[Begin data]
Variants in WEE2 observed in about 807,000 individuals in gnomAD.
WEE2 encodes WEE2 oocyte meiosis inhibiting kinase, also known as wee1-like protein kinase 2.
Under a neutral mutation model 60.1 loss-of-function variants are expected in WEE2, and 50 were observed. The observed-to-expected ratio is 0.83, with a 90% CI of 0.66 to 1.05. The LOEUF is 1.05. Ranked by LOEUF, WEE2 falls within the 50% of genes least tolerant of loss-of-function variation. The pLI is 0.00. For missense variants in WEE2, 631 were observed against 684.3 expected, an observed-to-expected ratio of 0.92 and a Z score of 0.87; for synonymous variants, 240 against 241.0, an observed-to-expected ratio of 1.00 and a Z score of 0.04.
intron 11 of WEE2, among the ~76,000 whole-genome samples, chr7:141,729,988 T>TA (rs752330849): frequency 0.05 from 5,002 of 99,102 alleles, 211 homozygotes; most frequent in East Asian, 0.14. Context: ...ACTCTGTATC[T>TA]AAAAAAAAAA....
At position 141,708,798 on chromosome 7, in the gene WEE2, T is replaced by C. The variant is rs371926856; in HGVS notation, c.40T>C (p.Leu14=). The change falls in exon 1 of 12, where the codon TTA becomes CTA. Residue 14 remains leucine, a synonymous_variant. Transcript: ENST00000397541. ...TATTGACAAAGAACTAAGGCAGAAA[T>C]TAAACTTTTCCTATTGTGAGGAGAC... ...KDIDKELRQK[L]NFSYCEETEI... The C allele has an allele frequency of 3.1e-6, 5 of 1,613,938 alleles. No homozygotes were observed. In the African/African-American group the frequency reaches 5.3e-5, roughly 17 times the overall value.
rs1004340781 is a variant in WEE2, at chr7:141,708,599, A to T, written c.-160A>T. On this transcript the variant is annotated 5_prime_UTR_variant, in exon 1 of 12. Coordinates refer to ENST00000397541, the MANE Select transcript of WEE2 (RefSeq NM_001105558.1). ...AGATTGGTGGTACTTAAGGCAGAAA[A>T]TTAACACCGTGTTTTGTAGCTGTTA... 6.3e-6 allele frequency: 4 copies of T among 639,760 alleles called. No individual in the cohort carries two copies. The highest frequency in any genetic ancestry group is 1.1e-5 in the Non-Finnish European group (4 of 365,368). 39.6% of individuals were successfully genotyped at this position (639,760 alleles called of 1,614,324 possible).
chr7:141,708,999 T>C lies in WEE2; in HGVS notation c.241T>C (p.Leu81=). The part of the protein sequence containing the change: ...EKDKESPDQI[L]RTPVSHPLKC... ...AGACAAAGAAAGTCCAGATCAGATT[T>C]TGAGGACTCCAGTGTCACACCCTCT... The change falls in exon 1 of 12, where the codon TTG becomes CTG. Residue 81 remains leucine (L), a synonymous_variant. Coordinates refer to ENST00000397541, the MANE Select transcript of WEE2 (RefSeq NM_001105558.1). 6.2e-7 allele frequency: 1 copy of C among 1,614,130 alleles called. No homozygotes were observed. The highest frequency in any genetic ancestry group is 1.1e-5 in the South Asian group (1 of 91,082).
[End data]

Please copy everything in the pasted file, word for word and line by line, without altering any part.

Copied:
Variants in WEE2 observed in about 807,000 individuals in gnomAD.
WEE2 encodes WEE2 oocyte meiosis inhibiting kinase, also known as wee1-like protein kinase 2.
Under a neutral mutation model 60.1 loss-of-function variants are expected in WEE2, and 50 were observed. The observed-to-expected ratio is 0.83, with a 90% CI of 0.66 to 1.05. The LOEUF is 1.05. Ranked by LOEUF, WEE2 falls within the 50% of genes least tolerant of loss-of-function variation. The pLI is 0.00. For missense variants in WEE2, 631 were observed against 684.3 expected, an observed-to-expected ratio of 0.92 and a Z score of 0.87; for synonymous variants, 240 against 241.0, an observed-to-expected ratio of 1.00 and a Z score of 0.04.
intron 11 of WEE2, among the ~76,000 whole-genome samples, chr7:141,729,988 T>TA (rs752330849): frequency 0.05 from 5,002 of 99,102 alleles, 211 homozygotes; most frequent in East Asian, 0.14. Context: ...ACTCTGTATC[T>TA]AAAAAAAAAA....
At position 141,708,798 on chromosome 7, in the gene WEE2, T is replaced by C. The variant is rs371926856; in HGVS notation, c.40T>C (p.Leu14=). The change falls in exon 1 of 12, where the codon TTA becomes CTA. Residue 14 remains leucine, a synonymous_variant. Transcript: ENST00000397541. ...TATTGACAAAGAACTAAGGCAGAAA[T>C]TAAACTTTTCCTATTGTGAGGAGAC... ...KDIDKELRQK[L]NFSYCEETEI... The C allele has an allele frequency of 3.1e-6, 5 of 1,613,938 alleles. No homozygotes were observed. In the African/African-American group the frequency reaches 5.3e-5, roughly 17 times the overall value.
rs1004340781 is a variant in WEE2, at chr7:141,708,599, A to T, written c.-160A>T. On this transcript the variant is annotated 5_prime_UTR_variant, in exon 1 of 12. Coordinates refer to ENST00000397541, the MANE Select transcript of WEE2 (RefSeq NM_001105558.1). ...AGATTGGTGGTACTTAAGGCAGAAA[A>T]TTAACACCGTGTTTTGTAGCTGTTA... 6.3e-6 allele frequency: 4 copies of T among 639,760 alleles called. No individual in the cohort carries two copies. The highest frequency in any genetic ancestry group is 1.1e-5 in the Non-Finnish European group (4 of 365,368). 39.6% of individuals were successfully genotyped at this position (639,760 alleles called of 1,614,324 possible).
chr7:141,708,999 T>C lies in WEE2; in HGVS notation c.241T>C (p.Leu81=). The part of the protein sequence containing the change: ...EKDKESPDQI[L]RTPVSHPLKC... ...AGACAAAGAAAGTCCAGATCAGATT[T>C]TGAGGACTCCAGTGTCACACCCTCT... The change falls in exon 1 of 12, where the codon TTG becomes CTG. Residue 81 remains leucine (L), a synonymous_variant. Coordinates refer to ENST00000397541, the MANE Select transcript of WEE2 (RefSeq NM_001105558.1). 6.2e-7 allele frequency: 1 copy of C among 1,614,130 alleles called. No homozygotes were observed. The highest frequency in any genetic ancestry group is 1.1e-5 in the South Asian group (1 of 91,082).